The Narnian sun was a large, bright object in the Narnian sky. It existed from the moment that Narnia first came into existence, till the day its history came to an end.


Little is known about the sun's composition, but it's possible that it was not entirely gaseous, as there was talk of Mountains and Valleys of the Sun. Fire-Flowers and fire-berries grew in these valleys, and had magical healing properties. Fire-Flowers were used to make Lucy's Cordial, and fire-berries could make a star younger. (It's possible that the names of these places were just that, mere names, and they were not really part of the actual sun itself, but there's no way to tell.)

Unlike Earth's sun, the Narnian sun was not a star. Stars are sentient beings in Narnia, whereas the Narnian sun was not.

The colour of the sun behaved in a similar way to the world of Charn's sun. For most of its life, the sun was yellow, but towards the end of its life, it grew larger and redder.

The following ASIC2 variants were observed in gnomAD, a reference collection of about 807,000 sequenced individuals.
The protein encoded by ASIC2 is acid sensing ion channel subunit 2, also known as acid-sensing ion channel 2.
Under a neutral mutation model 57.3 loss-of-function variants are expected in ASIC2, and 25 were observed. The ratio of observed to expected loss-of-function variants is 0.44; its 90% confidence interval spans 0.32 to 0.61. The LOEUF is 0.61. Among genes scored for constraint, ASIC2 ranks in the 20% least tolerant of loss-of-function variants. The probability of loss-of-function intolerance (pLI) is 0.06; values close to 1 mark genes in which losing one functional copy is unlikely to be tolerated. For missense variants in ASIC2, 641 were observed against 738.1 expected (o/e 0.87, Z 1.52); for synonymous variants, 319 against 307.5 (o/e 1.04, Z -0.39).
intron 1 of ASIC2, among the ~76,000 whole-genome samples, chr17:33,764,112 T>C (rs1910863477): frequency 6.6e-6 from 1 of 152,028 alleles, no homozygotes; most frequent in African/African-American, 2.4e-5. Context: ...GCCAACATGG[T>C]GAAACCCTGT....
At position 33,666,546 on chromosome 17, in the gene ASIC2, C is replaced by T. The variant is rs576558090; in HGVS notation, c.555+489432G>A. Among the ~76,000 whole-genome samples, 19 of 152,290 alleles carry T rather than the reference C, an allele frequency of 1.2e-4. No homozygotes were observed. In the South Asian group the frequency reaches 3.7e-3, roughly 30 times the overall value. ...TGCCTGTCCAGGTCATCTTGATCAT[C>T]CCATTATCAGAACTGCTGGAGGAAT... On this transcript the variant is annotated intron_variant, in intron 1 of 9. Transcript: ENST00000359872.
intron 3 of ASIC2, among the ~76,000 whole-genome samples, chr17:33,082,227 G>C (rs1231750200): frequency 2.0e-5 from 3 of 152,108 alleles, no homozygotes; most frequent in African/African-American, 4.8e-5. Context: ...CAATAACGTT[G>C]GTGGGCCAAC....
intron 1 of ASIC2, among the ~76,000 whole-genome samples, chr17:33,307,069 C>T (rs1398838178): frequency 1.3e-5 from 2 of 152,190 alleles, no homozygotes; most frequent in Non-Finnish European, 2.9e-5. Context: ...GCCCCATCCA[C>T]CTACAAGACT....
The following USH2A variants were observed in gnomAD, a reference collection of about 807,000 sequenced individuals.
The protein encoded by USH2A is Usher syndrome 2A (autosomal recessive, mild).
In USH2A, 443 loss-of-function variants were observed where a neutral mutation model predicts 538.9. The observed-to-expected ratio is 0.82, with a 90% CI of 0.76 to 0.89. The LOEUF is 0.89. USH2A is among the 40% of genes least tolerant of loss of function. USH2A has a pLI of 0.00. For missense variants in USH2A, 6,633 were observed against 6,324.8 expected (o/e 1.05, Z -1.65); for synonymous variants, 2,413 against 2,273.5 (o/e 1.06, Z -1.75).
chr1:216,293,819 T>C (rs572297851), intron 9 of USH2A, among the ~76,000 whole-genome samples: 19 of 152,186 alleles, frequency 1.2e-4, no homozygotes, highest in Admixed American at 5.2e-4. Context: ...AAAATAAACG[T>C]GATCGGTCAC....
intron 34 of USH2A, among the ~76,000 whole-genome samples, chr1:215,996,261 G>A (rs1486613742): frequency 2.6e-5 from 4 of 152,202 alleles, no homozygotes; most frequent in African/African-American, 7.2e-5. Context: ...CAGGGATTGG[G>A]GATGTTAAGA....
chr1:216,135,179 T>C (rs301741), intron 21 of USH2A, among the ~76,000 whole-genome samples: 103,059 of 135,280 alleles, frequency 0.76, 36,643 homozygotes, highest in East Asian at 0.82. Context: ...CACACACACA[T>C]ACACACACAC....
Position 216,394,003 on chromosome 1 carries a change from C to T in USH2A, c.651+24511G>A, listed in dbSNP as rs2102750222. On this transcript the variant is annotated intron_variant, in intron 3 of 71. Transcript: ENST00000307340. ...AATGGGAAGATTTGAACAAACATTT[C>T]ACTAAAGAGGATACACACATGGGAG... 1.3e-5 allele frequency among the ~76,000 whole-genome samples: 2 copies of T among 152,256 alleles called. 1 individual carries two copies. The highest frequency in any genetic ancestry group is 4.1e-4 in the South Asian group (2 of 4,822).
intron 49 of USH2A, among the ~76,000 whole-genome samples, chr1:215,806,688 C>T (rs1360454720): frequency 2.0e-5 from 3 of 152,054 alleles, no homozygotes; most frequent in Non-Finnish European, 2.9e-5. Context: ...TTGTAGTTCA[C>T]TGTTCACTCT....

The sun was created at the beginning of Narnia, on the day of its birth, by Aslan singing his most magnificent and glorious sound at the time. The sky changed from black to grey, to white, to pink, and to gold, as the sun was created, which then rose in the east. The stars and landscape of Narnia had already existed at the time.

As the sun rose, it appeared younger than Earth's sun. Narnia's sun gave the impression that it could laugh for joy, as it came up.

At the end of the world, the sun rose for the last time with a dark red colour, and a 20-fold increase in size. It then coalesced with the moon to form a larger ball, like burning coal. This state was unstable, as lumps of sun began to fall down to Earth. The heat of these lumps caused steam to rise from the sea, as they landed.

The sun was then destroyed by Father Time. On the orders of Aslan, he destroyed the sun by squeezing it in his hand, in a similar way to how an orange could be squeezed. This instantly caused the world to turn completely cold and dark. The world ended soon after.


The sun is mentioned in a Calormene expression, "Every morning the sun is darkened in my eyes", which is used to show an ongoing, important frustration.